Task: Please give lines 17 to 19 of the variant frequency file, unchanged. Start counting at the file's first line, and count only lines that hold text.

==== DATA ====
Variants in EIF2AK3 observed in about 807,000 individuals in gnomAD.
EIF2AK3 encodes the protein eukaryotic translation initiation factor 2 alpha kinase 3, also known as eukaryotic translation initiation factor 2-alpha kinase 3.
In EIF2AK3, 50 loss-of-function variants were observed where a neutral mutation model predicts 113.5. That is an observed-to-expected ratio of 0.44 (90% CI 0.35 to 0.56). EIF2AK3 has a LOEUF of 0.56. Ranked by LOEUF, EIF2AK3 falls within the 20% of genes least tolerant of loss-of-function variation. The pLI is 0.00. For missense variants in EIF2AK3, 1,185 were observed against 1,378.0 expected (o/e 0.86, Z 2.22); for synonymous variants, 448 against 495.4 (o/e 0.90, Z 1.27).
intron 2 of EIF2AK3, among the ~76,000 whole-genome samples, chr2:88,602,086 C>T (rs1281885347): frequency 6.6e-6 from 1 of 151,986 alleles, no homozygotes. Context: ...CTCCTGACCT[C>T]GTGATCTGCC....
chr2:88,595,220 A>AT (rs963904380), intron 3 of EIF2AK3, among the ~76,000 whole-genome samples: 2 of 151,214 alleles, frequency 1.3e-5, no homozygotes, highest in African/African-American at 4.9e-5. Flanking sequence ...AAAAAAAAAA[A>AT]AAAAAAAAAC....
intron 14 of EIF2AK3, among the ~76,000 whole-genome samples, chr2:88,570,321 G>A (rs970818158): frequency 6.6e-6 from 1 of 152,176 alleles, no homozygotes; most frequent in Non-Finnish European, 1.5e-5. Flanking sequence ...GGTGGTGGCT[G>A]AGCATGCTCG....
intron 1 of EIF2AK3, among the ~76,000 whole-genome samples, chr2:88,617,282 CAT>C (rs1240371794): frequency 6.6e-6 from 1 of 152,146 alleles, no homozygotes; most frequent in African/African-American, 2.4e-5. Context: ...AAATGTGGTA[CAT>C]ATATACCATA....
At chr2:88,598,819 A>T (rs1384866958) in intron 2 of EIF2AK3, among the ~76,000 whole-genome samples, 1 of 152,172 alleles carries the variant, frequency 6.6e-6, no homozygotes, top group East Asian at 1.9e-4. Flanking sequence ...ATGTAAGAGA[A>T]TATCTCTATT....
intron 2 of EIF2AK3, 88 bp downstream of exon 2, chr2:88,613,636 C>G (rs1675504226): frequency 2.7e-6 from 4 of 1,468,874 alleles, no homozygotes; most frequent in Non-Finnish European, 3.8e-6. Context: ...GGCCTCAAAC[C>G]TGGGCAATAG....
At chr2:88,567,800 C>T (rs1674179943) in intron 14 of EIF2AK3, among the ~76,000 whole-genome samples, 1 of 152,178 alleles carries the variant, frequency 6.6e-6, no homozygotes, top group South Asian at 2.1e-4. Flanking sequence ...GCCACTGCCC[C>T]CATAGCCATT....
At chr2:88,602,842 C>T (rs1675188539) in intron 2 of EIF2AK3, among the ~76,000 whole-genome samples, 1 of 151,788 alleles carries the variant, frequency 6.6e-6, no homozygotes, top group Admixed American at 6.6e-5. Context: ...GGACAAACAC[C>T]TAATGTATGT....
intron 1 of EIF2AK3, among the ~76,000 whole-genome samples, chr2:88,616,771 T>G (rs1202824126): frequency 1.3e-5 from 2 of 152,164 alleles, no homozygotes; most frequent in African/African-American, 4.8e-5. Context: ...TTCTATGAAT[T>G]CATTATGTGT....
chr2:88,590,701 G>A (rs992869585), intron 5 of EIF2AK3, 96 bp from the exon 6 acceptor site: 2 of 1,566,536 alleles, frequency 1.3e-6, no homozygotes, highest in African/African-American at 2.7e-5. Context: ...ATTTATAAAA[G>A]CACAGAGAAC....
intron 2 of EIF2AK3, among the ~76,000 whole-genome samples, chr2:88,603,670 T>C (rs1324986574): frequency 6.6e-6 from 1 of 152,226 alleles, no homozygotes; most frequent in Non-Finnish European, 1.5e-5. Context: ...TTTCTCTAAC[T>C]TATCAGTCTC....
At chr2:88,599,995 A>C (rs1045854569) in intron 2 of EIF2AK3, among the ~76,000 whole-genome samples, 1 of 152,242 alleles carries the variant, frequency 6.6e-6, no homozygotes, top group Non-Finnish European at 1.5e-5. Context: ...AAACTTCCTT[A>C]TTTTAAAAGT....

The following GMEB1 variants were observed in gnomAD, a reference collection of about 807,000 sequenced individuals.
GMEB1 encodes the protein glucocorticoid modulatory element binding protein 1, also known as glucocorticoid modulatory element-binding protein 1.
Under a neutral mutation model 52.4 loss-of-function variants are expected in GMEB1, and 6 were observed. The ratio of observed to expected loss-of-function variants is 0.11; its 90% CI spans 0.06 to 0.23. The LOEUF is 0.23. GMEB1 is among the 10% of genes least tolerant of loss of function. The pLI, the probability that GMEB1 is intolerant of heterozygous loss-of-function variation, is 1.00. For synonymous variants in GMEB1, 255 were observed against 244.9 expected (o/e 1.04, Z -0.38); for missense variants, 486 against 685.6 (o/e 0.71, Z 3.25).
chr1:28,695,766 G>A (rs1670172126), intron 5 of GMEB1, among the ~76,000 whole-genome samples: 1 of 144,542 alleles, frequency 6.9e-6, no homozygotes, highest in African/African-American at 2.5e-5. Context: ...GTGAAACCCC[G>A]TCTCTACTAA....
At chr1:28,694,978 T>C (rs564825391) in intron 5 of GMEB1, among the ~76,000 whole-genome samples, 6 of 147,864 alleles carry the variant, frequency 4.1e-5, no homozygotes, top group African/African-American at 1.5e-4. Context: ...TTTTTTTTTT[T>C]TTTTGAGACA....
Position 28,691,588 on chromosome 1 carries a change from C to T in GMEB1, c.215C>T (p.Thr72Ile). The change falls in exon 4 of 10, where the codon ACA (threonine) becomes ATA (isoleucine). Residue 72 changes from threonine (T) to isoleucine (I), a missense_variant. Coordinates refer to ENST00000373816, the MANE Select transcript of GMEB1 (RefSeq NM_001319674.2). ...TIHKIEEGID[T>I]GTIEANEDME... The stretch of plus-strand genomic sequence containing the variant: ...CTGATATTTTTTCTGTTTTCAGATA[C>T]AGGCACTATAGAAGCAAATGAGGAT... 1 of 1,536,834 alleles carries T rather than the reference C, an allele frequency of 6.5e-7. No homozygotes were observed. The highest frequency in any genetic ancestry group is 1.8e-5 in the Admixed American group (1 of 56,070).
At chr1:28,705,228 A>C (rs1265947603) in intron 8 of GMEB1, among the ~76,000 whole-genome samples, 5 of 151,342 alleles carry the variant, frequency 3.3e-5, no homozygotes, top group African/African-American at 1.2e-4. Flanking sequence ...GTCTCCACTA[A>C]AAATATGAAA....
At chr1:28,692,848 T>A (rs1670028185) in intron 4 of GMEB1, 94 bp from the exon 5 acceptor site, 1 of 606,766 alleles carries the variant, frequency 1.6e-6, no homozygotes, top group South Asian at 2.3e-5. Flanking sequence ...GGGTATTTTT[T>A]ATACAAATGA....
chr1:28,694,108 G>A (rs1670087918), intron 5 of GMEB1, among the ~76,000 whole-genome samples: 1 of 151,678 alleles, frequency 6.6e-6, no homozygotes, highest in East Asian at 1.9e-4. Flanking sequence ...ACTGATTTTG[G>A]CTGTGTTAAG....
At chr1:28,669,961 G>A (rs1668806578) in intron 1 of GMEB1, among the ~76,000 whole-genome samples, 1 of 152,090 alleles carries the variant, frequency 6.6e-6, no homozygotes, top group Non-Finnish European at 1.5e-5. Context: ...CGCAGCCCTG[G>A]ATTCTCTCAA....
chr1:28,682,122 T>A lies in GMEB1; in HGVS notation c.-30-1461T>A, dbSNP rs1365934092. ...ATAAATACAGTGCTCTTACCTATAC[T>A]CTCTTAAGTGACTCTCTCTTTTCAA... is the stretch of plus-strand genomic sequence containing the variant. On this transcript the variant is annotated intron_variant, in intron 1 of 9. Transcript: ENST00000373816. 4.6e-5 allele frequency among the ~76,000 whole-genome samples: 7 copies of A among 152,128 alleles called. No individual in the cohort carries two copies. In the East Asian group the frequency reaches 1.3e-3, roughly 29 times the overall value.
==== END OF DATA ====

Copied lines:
GMEB1 encodes the protein glucocorticoid modulatory element binding protein 1, also known as glucocorticoid modulatory element-binding protein 1.
Under a neutral mutation model 52.4 loss-of-function variants are expected in GMEB1, and 6 were observed. The ratio of observed to expected loss-of-function variants is 0.11; its 90% CI spans 0.06 to 0.23. The LOEUF is 0.23. GMEB1 is among the 10% of genes least tolerant of loss of function. The pLI, the probability that GMEB1 is intolerant of heterozygous loss-of-function variation, is 1.00. For synonymous variants in GMEB1, 255 were observed against 244.9 expected (o/e 1.04, Z -0.38); for missense variants, 486 against 685.6 (o/e 0.71, Z 3.25).
chr1:28,695,766 G>A (rs1670172126), intron 5 of GMEB1, among the ~76,000 whole-genome samples: 1 of 144,542 alleles, frequency 6.9e-6, no homozygotes, highest in African/African-American at 2.5e-5. Context: ...GTGAAACCCC[G>A]TCTCTACTAA....